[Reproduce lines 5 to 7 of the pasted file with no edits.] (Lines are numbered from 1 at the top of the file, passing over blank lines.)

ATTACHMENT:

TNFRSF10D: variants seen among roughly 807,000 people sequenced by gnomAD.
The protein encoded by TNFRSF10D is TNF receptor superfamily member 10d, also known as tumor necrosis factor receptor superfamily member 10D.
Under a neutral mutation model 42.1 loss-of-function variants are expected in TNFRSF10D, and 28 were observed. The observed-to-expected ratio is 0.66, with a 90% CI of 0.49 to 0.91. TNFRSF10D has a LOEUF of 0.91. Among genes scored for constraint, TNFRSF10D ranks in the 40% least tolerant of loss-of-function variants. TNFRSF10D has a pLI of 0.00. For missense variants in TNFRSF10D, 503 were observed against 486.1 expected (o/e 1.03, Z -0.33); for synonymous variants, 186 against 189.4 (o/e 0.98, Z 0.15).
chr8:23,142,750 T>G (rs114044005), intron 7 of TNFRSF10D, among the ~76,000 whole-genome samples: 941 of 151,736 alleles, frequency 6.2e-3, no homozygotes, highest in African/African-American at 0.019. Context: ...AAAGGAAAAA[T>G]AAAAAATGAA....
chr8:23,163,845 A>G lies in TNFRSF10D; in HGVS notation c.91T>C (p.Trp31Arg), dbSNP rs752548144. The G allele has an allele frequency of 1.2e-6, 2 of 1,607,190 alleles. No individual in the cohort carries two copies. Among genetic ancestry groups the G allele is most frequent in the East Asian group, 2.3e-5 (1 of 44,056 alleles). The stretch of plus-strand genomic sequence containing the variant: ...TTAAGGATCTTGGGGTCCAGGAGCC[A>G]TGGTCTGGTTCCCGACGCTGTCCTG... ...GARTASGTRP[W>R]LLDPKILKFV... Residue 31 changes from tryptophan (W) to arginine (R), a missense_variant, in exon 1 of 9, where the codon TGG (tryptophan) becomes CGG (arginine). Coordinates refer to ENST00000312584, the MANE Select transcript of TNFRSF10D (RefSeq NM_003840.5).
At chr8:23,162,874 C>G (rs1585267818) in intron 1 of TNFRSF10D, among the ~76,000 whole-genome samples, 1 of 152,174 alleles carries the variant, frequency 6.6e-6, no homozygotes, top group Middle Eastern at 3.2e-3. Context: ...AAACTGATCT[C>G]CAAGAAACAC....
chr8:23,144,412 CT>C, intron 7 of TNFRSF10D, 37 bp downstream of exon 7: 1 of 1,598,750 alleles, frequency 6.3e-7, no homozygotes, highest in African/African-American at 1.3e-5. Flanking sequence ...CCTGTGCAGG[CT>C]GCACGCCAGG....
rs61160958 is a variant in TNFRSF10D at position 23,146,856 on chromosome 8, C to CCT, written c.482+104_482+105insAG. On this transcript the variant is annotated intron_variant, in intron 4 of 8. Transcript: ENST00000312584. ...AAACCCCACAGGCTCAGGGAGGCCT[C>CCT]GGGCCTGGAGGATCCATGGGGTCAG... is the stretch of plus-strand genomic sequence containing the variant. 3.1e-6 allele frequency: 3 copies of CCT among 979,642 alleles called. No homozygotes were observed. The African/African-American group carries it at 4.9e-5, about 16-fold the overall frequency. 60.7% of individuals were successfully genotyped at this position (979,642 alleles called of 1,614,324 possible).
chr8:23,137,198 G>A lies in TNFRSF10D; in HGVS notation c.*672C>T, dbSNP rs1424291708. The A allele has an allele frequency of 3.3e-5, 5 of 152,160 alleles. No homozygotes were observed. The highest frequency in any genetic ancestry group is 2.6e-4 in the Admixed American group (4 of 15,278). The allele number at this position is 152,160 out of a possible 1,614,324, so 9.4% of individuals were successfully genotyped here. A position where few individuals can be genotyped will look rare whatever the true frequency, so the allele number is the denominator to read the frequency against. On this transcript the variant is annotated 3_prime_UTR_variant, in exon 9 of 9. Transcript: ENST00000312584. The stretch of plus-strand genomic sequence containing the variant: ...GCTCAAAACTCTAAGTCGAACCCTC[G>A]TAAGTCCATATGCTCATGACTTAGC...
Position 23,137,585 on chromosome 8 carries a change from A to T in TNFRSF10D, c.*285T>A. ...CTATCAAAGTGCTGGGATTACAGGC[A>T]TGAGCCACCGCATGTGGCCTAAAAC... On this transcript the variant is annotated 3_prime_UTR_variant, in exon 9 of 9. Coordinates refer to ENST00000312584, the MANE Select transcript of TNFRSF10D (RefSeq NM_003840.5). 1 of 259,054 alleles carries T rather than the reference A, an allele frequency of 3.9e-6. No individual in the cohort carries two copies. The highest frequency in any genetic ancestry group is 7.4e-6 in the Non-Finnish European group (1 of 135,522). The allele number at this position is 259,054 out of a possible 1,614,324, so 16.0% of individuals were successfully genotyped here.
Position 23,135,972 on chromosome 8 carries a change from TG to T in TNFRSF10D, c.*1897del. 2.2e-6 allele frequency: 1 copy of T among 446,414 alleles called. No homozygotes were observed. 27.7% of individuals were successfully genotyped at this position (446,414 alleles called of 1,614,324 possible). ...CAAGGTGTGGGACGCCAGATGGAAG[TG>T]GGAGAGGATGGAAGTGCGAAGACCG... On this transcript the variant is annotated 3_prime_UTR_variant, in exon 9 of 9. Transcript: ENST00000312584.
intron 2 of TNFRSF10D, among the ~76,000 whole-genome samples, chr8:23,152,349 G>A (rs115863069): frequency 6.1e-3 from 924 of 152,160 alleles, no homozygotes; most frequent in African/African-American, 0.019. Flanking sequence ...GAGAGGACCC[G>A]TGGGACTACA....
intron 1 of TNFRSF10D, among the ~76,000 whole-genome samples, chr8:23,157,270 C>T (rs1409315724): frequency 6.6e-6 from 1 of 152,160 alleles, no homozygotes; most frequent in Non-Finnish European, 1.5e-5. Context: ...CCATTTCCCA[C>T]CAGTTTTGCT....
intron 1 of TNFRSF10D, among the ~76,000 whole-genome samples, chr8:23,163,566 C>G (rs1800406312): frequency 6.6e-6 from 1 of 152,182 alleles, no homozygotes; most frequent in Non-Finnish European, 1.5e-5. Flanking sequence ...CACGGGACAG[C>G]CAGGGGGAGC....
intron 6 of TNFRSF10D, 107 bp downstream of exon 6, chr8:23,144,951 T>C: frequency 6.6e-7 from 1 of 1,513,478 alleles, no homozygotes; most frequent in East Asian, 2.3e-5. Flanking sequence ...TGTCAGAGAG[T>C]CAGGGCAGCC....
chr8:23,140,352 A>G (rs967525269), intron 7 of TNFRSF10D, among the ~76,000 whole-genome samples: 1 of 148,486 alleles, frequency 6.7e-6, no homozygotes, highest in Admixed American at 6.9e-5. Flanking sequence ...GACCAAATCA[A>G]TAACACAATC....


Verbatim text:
chr8:23,163,845 A>G lies in TNFRSF10D; in HGVS notation c.91T>C (p.Trp31Arg), dbSNP rs752548144. The G allele has an allele frequency of 1.2e-6, 2 of 1,607,190 alleles. No individual in the cohort carries two copies. Among genetic ancestry groups the G allele is most frequent in the East Asian group, 2.3e-5 (1 of 44,056 alleles). The stretch of plus-strand genomic sequence containing the variant: ...TTAAGGATCTTGGGGTCCAGGAGCC[A>G]TGGTCTGGTTCCCGACGCTGTCCTG... ...GARTASGTRP[W>R]LLDPKILKFV... Residue 31 changes from tryptophan (W) to arginine (R), a missense_variant, in exon 1 of 9, where the codon TGG (tryptophan) becomes CGG (arginine). Coordinates refer to ENST00000312584, the MANE Select transcript of TNFRSF10D (RefSeq NM_003840.5).
At chr8:23,162,874 C>G (rs1585267818) in intron 1 of TNFRSF10D, among the ~76,000 whole-genome samples, 1 of 152,174 alleles carries the variant, frequency 6.6e-6, no homozygotes, top group Middle Eastern at 3.2e-3. Context: ...AAACTGATCT[C>G]CAAGAAACAC....
chr8:23,144,412 CT>C, intron 7 of TNFRSF10D, 37 bp downstream of exon 7: 1 of 1,598,750 alleles, frequency 6.3e-7, no homozygotes, highest in African/African-American at 1.3e-5. Flanking sequence ...CCTGTGCAGG[CT>C]GCACGCCAGG....